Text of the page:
• Home delivery at your doorstep / porch
  • Drop off at a Neighbors’
  • Pick-up points and lockers
  • Automated delivery
  • Large household goods shipping
  • Drone delivery

Online grocers are also experimenting with different delivery services, including:

  • Bus service model (implying only a few possible time windows to choose from)
  • Taxi service model (implying a lot of options for the consumer to choose from
  • Same day delivery
  • Bike delivery
  • Personal shoppers

Service organizations, such as those offering maintenance and repairs, have been using time-slot booking for years to tackle the last mile. Logistics businesses have learned from this use case too. Let’s dive deeper into some of these delivery types and the challenges they bring.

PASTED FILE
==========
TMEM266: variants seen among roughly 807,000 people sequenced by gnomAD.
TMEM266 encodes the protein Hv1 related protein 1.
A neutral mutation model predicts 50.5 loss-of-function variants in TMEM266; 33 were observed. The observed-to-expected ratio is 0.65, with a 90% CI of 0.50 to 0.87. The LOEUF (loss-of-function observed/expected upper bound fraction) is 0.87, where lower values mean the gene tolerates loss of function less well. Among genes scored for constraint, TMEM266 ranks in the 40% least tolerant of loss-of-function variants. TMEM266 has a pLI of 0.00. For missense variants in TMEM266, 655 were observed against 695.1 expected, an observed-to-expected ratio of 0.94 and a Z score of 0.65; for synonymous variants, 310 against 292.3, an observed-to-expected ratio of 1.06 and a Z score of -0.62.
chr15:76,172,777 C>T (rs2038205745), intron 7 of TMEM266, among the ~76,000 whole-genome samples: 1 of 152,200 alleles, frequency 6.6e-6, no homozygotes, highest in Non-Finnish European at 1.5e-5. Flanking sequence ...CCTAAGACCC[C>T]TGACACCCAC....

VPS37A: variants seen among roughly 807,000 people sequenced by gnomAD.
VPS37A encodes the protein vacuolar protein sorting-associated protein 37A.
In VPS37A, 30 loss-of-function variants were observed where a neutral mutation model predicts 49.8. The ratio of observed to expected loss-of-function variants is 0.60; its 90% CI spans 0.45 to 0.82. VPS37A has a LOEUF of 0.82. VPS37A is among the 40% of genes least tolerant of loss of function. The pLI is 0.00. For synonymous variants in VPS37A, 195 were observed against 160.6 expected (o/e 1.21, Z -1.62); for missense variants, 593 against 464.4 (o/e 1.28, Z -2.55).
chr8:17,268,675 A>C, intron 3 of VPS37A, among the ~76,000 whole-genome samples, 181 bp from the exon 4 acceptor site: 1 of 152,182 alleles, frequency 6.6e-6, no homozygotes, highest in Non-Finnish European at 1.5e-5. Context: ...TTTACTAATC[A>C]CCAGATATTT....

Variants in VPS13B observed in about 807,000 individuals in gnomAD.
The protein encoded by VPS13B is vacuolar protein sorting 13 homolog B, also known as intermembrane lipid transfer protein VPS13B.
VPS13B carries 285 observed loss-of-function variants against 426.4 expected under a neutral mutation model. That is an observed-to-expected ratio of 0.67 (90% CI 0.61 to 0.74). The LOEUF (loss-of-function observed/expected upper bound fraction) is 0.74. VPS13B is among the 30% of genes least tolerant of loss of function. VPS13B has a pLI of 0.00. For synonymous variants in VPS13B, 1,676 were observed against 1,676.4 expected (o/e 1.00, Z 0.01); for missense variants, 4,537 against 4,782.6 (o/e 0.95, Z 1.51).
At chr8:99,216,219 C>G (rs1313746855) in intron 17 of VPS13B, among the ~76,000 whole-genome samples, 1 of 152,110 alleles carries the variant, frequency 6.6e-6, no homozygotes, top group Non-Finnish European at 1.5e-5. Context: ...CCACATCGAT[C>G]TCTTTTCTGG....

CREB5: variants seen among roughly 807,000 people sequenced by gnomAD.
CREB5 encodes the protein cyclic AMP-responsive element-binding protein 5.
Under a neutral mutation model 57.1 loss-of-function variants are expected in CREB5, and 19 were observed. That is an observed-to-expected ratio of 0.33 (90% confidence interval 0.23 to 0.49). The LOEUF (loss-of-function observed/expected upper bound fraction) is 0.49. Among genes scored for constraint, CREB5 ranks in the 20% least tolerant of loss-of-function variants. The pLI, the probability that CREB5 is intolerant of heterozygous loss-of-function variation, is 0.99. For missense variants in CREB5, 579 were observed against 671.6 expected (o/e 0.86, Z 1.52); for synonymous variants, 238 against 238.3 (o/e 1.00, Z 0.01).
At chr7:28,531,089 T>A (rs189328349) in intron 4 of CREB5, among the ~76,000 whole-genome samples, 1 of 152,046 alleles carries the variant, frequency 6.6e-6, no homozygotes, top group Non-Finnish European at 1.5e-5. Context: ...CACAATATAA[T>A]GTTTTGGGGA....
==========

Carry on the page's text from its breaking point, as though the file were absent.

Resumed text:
The last mile in home delivery: neighbors to the rescue
Most consumers are away from home when deliveries are made. For small and ambient goods, it is in general no problem to drop off at a neighbor’s house, but for groceries and heavy goods (like large appliances) a door-to-door delivery at the final destination is required.

White glove deliveries for large household goods
Shipping large household goods from their manufacturers to residential or business locations is complex and carries with it a higher potential for damage and error. Once these large goods arrive at the last mile hub, which is typically located less than 50 miles from the final delivery location, a dedicated last mile carrier, also known as a “white glove” delivery company, will handle the final leg of the delivery.